With the approach of the 2020 election, the talk about the current tax code will start to pick up. Like every election before it and probably every election after it, the 2020 election will feature taxes in some form. One of the most accessible parts of the tax code to change would be the mortgage interest tax deduction. If the deduction was eliminated, then other rates could be lowered.
The reasons behind the deduction
The reasoning behind the mortgage tax deduction is very much rooted in our history, where owning a home was seen a great investment. To help prospective buyers out in a way, the deduction was introduced to save middle-class and upper-class homeowners a good chunk of change. To replace the tax deduction, the IRS could impose lower tax rates to achieve the same effect but help more people.
Another reasoning behind the mortgage interest deduction is that it makes people feel like winners. This deduction also gives incentive to non-homeowners a drive to help the housing market.
Why it would be a good idea
The positives that would come out of eliminating the deduction will be the drop of interest in the housing market for the average investor. Since the 2008 financial crisis in American and other housing bubbles around the world, the dangers of an over-inflated housing market’s risks have been shown.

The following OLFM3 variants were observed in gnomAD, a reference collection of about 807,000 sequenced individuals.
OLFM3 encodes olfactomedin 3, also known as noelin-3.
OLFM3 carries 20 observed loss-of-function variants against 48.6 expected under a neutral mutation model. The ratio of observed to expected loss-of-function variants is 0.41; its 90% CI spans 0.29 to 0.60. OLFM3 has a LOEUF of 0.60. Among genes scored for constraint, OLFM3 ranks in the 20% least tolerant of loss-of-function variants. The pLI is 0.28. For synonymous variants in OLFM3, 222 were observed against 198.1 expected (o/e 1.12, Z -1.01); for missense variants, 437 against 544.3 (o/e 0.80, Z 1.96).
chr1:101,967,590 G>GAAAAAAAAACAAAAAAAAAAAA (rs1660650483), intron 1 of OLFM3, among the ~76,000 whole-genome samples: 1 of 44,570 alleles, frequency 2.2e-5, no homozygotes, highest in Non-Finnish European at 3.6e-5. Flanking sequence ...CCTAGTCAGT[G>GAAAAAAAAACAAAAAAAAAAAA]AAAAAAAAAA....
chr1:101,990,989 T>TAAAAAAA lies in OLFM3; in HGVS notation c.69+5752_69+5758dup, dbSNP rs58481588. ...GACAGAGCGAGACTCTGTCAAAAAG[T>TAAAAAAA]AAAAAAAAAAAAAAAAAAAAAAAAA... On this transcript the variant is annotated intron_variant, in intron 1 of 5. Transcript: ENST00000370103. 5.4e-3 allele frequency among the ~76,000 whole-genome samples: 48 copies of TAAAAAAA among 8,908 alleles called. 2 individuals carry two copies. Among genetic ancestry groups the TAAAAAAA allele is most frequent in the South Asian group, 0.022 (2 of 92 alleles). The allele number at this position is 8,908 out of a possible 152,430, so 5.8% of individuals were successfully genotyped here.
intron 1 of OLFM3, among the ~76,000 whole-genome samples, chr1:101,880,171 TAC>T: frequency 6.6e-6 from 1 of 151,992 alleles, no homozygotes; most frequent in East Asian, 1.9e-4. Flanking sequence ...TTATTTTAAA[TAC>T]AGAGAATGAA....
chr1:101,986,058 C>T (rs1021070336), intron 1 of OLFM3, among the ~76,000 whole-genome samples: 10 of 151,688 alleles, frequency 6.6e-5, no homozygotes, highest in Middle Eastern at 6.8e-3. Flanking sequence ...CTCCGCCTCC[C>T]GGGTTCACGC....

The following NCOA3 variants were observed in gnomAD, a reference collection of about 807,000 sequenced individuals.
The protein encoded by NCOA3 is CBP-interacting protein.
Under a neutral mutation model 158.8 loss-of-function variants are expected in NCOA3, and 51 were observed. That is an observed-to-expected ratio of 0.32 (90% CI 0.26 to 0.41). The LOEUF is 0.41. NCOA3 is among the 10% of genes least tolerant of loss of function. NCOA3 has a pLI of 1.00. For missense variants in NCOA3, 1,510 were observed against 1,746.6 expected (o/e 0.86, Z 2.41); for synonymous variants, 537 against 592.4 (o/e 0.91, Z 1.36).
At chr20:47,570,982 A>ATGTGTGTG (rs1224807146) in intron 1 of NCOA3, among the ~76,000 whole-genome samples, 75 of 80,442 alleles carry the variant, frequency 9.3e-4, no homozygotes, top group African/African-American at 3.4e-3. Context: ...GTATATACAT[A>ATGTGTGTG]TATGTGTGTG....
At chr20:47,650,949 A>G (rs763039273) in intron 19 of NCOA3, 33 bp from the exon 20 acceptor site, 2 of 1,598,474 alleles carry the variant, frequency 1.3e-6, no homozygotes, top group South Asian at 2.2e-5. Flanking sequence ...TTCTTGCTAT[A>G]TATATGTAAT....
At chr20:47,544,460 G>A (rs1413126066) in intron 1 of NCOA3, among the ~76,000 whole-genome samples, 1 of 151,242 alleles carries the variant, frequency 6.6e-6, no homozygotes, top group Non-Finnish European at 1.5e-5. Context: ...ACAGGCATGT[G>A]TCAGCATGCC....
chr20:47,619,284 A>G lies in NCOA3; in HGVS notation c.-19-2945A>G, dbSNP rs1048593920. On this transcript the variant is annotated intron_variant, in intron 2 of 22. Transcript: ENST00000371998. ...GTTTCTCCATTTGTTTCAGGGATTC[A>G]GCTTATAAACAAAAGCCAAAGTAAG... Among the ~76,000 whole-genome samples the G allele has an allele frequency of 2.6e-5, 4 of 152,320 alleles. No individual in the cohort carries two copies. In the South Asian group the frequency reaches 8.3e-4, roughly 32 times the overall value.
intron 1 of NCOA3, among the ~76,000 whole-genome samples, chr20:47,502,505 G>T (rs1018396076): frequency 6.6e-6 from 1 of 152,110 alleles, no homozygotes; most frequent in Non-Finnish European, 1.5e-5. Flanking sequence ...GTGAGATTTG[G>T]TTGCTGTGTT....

The drop in investing will lead to other less desirable outcomes, but the potential drop in tax rates will more than make up for the blow to the economy. The relative prices of the housing market will fluctuate depending on the area. In areas that have seen a recent build up, there will be a stable price. However, in more established neighborhoods that see only a few sales per year with properties being listed for long periods, a drop in price will be inevitable.
While there will be a drop in the housing market and the home repair market, there will be an expansion in the renters market. With a decrease in home purchases, more and more millennials will look at renting. In recent years many members of the millennial generation have felt the burdens of the previous generation’s economic decisions upon themselves. If the tax deduction were eliminated with the lowering of the general tax rate, the millennial taxpayer would sigh in relief.
With the elimination of the mortgage interest tax deduction in favor of a standard lower tax rate, several things will happen. The housing market and home repair markets will take a hit, but the renters market will increase. But the most important thing is that many Americans will have more disposable income since they won’t be saving for a mortgage or a home repair.